Council Member Lee Thomas also voiced concern over the deficit vote, noting that the city is projected to raise its tax rate in the next fiscal year to maintain its revenue. Thomas stressed the importance of the EDC’s job in business recruitment and economic development in balancing the city’s revenue sources.

“As a citizen … seeing anything that is run on tax dollars run at a deficit is hard for me,” he said. “We are fixing to take a hit as the council and we are asking you to bring in more business so we can bring down that rate.”

When put out for a vote, the council ultimately chose to table the request in order to allow Carr to make a balanced budget in a vote of two-to-one, with Brad Clough against and Crowell and Thomas for the action. Councilors Teddie Ann Salmon and Robert Jaska abstained from the vote. The board also asked for documentation or clarification that if a deficit is necessary that it would be covered by the EDC.

Following the meeting, Carr said it would be difficult to fully balance the budget for an organization such as the EDC, given its reliance on sales tax as a sole primary funding source. As this is based on human nature, and can shift with the seasons or trends, it is difficult to anticipate this down to the dollar.

Carr said she based her numbers on the past months of 2017, while basing the remaining three months finding on 2016 totals.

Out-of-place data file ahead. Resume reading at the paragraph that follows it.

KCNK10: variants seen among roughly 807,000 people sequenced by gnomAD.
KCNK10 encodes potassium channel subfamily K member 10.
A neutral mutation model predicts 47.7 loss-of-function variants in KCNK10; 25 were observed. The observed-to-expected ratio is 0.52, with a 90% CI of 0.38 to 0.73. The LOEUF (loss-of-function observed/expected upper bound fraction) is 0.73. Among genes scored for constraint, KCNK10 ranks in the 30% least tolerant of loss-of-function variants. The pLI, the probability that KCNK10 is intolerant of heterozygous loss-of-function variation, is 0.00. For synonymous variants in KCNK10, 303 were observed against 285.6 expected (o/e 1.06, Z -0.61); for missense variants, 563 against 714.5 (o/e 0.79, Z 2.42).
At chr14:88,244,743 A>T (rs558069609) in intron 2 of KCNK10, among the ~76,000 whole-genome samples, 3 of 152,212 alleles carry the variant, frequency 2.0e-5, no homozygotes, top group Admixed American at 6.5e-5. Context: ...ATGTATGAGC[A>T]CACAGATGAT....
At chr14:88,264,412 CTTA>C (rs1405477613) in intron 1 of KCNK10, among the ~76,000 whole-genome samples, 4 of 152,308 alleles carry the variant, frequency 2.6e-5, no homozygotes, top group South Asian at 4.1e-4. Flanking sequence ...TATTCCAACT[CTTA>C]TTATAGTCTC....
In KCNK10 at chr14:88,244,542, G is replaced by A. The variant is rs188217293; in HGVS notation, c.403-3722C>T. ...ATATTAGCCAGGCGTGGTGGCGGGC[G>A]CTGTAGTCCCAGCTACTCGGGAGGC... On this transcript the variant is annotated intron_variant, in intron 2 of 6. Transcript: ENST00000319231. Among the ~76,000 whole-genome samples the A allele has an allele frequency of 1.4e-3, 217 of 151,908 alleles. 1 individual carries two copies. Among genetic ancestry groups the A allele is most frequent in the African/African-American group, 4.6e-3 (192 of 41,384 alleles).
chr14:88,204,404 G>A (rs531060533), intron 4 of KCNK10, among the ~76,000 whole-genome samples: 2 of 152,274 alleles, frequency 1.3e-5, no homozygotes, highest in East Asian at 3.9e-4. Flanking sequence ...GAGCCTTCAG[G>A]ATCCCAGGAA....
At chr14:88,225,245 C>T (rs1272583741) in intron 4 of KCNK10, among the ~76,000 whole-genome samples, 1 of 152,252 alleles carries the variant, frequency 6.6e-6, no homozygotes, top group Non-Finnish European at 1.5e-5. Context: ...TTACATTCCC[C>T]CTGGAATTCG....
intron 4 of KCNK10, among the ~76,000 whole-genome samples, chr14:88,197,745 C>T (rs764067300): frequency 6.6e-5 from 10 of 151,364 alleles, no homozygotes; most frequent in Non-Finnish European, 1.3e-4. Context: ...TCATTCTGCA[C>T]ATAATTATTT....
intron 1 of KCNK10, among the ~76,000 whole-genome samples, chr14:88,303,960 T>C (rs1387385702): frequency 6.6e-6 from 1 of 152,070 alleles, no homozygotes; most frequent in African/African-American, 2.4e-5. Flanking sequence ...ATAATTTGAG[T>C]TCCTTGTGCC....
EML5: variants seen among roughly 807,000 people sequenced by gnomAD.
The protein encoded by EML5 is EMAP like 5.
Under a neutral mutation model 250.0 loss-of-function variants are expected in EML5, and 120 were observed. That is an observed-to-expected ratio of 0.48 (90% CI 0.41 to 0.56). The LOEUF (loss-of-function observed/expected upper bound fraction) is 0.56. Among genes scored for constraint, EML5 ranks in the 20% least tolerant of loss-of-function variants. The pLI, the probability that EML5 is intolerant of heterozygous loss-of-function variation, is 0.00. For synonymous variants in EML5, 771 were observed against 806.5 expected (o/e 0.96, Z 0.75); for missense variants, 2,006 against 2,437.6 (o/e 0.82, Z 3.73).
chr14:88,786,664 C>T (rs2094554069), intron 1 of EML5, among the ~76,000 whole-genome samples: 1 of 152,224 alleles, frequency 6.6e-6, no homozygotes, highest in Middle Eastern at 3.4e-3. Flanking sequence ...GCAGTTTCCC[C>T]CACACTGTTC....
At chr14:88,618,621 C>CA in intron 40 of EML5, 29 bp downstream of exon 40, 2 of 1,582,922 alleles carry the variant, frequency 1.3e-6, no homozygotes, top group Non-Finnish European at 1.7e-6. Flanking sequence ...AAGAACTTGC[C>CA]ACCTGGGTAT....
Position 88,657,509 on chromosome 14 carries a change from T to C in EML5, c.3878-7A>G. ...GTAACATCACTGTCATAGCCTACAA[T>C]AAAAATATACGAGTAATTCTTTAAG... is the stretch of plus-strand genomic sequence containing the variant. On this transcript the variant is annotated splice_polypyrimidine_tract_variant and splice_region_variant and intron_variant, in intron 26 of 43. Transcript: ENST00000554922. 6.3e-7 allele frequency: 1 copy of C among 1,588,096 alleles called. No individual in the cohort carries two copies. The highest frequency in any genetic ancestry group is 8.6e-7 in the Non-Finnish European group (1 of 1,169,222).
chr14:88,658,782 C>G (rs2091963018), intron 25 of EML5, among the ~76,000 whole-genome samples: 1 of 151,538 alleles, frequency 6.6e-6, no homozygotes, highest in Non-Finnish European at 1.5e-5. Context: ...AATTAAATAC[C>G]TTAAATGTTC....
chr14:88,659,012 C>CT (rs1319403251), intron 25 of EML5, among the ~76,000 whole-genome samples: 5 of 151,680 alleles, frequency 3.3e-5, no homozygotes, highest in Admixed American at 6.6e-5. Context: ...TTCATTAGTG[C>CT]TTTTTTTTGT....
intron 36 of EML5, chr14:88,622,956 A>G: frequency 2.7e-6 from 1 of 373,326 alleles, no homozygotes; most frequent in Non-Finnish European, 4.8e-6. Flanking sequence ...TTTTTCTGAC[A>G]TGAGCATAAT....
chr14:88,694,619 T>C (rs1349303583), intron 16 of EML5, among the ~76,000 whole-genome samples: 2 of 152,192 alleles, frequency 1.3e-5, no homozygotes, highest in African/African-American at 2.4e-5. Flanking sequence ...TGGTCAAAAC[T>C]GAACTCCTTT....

“As Van Alstyne grows, these numbers will increase, and they have in the past,” she said.

Following the discussion on the EDC budget, the council turned its attention to the VACDC, which oversees many small community projects, assists in park planning and projects and fosters the city’s small business community.

Similar to the EDC, the CDC budgeted for a nearly $64,000 budget deficit, however Board Vice President Chris Dorak said this number could be misleading. Dorak said this number represents projects that were allocated funding in 2017 that will not be paid until 2018. As such they would show up in the 2018 budget as expenses, while their funding would still be secured from the 2017 budget.

Crowell questioned the inclusion of this as a 2018 expense as it was included in the 2017 budget. If the project would be funded using 2017 funds, it would not be included in the 2018 budget.